judging from those hoardings they really are banking on crossrail! But yes it all looks like an exciting transformation for Woolwich compared to say the 10 year delay at Greenwich Peninsular. It would even make me want to visit once Crossrail is open.
 

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Crossrail does make a huge difference. Currently the train ride alone to Oxford St. is around 40mins with 2-3 changes. According to the crossrail website that goes down to 19mins, and is obviously direct. Currently it takes 25mins on the central line from much closer Ealing Broadway. Even using the heathrow express, someone from Woolwich needs to spend 70min on 4 different trains and a long transfer at paddington to get to that airport.

It also opens up areas that would have taken too long/too annoying to get to, such as parts of west London. The general sense of isolation you feel around there declines.
 

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South East Nine
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Discussion Starter · #13 · (Edited)
There's only 1 change required for Oxford Street:

- Route 1: Woolwich Arsenal → change at Charing Cross → Oxford Circus or TCR

- Route 2: Woolwich Arsenal → change at London Bridge → Bond Street

- Route 3: Woolwich Arsenal → change at Bank → TCR, Oxford Circus, Bond Street or Marble Arch
 

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South East Nine
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Discussion Starter · #15 ·
Very true, although changing for the Jubilee Line at Canning Town or Central Line at Stratford is an unnecessarily long method.
 

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Crossrail does make a huge difference. Currently the train ride alone to Oxford St. is around 40mins with 2-3 changes. According to the crossrail website that goes down to 19mins, and is obviously direct. Currently it takes 25mins on the central line from much closer Ealing Broadway. Even using the heathrow express, someone from Woolwich needs to spend 70min on 4 different trains and a long transfer at paddington to get to that airport.

It also opens up areas that would have taken too long/too annoying to get to, such as parts of west London. The general sense of isolation you feel around there declines.
You can pretty much pick any 2 places in London and say point A is badly connected because it's so far from point B.

However, Woolwich to City Airport is great. And Woolwich to Gatwick and Stansted isn't too bad either. Likewise Woolwich to Canary Wharf - which I wouldn't be surprised if that's where most of the people moving into the area are based.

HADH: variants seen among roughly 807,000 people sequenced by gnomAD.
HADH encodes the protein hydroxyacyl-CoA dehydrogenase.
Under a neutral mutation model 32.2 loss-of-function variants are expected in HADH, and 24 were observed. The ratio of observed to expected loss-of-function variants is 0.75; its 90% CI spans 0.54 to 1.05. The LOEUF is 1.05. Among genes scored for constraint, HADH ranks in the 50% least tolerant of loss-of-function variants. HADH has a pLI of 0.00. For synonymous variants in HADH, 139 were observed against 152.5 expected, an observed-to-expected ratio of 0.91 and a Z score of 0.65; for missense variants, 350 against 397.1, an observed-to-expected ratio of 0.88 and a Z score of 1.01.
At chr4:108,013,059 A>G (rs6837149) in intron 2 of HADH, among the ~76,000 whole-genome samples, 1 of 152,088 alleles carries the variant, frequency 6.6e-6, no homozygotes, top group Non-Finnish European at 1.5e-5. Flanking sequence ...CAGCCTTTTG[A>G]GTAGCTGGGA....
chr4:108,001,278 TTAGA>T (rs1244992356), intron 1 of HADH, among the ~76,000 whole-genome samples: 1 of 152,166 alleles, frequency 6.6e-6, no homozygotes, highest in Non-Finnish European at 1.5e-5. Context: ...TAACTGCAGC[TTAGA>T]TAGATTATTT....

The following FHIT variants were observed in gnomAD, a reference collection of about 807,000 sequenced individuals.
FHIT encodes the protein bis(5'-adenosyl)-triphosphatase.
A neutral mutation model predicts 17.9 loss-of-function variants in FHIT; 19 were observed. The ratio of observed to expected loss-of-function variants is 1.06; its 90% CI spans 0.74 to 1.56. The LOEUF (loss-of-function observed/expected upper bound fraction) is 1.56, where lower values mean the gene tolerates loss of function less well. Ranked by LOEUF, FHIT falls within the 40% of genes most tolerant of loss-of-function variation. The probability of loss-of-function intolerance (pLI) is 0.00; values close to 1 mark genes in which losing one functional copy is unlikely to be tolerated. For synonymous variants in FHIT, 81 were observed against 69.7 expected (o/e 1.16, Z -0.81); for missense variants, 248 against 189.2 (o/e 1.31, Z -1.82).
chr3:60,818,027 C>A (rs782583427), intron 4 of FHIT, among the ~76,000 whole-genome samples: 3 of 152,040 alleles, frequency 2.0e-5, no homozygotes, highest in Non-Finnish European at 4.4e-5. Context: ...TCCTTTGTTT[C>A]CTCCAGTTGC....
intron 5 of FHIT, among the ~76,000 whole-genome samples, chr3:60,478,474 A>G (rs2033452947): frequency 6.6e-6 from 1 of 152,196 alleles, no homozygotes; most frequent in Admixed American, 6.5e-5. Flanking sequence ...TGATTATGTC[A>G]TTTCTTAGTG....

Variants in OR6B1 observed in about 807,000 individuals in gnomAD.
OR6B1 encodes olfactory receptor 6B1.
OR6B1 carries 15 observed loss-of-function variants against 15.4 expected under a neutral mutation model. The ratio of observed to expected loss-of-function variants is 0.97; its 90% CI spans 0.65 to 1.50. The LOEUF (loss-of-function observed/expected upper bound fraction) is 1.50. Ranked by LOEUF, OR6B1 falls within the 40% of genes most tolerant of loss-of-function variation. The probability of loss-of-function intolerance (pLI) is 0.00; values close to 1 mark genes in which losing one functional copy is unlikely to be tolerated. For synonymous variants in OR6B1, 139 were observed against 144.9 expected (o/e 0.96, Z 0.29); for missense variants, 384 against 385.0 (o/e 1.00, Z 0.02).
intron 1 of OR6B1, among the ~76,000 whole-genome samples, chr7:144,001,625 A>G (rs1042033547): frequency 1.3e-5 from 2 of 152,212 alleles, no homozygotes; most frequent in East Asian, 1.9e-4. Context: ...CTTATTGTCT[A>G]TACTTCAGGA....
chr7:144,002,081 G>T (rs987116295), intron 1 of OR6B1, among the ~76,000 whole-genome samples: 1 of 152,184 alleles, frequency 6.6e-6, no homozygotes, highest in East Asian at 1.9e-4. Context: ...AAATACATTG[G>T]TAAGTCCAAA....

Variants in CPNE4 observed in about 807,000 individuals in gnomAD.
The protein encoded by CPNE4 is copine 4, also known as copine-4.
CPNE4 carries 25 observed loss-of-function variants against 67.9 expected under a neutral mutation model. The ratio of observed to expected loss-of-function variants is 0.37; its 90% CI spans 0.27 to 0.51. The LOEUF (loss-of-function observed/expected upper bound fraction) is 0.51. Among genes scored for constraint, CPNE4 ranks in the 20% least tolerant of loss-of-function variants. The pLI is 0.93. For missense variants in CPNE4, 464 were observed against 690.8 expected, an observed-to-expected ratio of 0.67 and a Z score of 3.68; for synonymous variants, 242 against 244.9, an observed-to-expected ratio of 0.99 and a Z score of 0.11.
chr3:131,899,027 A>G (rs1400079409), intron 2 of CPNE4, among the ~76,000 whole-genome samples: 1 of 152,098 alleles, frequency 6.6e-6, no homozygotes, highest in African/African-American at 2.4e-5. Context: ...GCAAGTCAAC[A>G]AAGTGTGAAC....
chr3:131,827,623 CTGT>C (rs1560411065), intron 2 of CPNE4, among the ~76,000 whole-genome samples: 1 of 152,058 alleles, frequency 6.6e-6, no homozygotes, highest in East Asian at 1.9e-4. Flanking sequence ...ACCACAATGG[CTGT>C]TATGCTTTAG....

There's always been a bit of an idea that South East London has crap public transport links because it's not on the underground. Trains in the area run almost as good a service as the tube and have good connections to the tube at London Bridge, Waterloo East/Southwark and Charing Cross.

I would suspect there's also a lot of property speculators buying up places at Woolwich Arsenal as well. Once Crossrail is opened then there will be a spike in house prices in this area.

And anyway, I think it looks like a nice, interesting, place to live. I'd probably move there if I could afford it.
 

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Yes but it's not the point of picking 'any 2 places', it's specifically highlighting areas that hold the city's greatest concentration of employment and, for want of a better word, 'commerce'. Having direct, quick and reliable links to - and crucial through - central London is vastly more important than the equivalent to any local centre. Heathrow is also more of an attraction than City Airport. Crossrail helps in that regard.

SE doesn't have poor transport purely because it's not on the tube (that's a factor), it's largely because coverage and capacity are inadequate and the road network dire. Most locals complain.
 

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Discussion Starter · #18 ·
SE London doesn't have good transport because:

  • links across the Thames are dire

  • it has a much 'smaller' road network

  • Southeastern trains have nowhere near the capacity or frequency of underground lines

  • you can't travel across town by train

  • Southeastern trains are more susceptible to changing weather conditions (3rd rail technology)

  • No cycle hire here, as opposed to inner east, west and north London
 

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Great thread SE9. I explored the Woolwich site yesterday, saw the models in the Berkeley showroom, and understand how it fits together. Phases 4 and 6 are considerably denser than previous phases. It's impressive that phase 6 alone contains more flats than the entire Barbican complex. This is precisely the kind of volume housebuilding we need to see more of in London.